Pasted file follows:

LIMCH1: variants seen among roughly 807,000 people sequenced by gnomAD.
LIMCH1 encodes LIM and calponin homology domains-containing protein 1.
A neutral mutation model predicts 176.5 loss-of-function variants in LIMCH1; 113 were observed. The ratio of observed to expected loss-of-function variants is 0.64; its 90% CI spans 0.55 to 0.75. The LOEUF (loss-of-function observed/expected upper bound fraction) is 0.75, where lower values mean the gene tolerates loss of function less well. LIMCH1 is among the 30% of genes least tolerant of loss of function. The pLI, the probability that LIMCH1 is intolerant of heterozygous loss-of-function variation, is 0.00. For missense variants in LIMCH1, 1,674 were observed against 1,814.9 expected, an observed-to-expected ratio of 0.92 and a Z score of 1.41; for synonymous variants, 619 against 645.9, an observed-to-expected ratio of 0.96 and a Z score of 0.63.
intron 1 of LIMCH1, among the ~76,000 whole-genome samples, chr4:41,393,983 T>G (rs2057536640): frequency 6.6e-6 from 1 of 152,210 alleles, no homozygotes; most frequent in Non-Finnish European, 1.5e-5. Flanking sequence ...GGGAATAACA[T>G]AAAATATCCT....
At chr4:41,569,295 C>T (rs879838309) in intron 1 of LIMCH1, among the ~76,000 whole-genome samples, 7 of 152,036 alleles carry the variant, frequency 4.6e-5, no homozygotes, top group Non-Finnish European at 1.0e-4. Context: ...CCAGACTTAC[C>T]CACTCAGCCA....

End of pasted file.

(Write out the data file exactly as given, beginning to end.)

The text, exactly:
LIMCH1: variants seen among roughly 807,000 people sequenced by gnomAD.
LIMCH1 encodes LIM and calponin homology domains-containing protein 1.
A neutral mutation model predicts 176.5 loss-of-function variants in LIMCH1; 113 were observed. The ratio of observed to expected loss-of-function variants is 0.64; its 90% CI spans 0.55 to 0.75. The LOEUF (loss-of-function observed/expected upper bound fraction) is 0.75, where lower values mean the gene tolerates loss of function less well. LIMCH1 is among the 30% of genes least tolerant of loss of function. The pLI, the probability that LIMCH1 is intolerant of heterozygous loss-of-function variation, is 0.00. For missense variants in LIMCH1, 1,674 were observed against 1,814.9 expected, an observed-to-expected ratio of 0.92 and a Z score of 1.41; for synonymous variants, 619 against 645.9, an observed-to-expected ratio of 0.96 and a Z score of 0.63.
intron 1 of LIMCH1, among the ~76,000 whole-genome samples, chr4:41,393,983 T>G (rs2057536640): frequency 6.6e-6 from 1 of 152,210 alleles, no homozygotes; most frequent in Non-Finnish European, 1.5e-5. Flanking sequence ...GGGAATAACA[T>G]AAAATATCCT....
At chr4:41,569,295 C>T (rs879838309) in intron 1 of LIMCH1, among the ~76,000 whole-genome samples, 7 of 152,036 alleles carry the variant, frequency 4.6e-5, no homozygotes, top group Non-Finnish European at 1.0e-4. Context: ...CCAGACTTAC[C>T]CACTCAGCCA....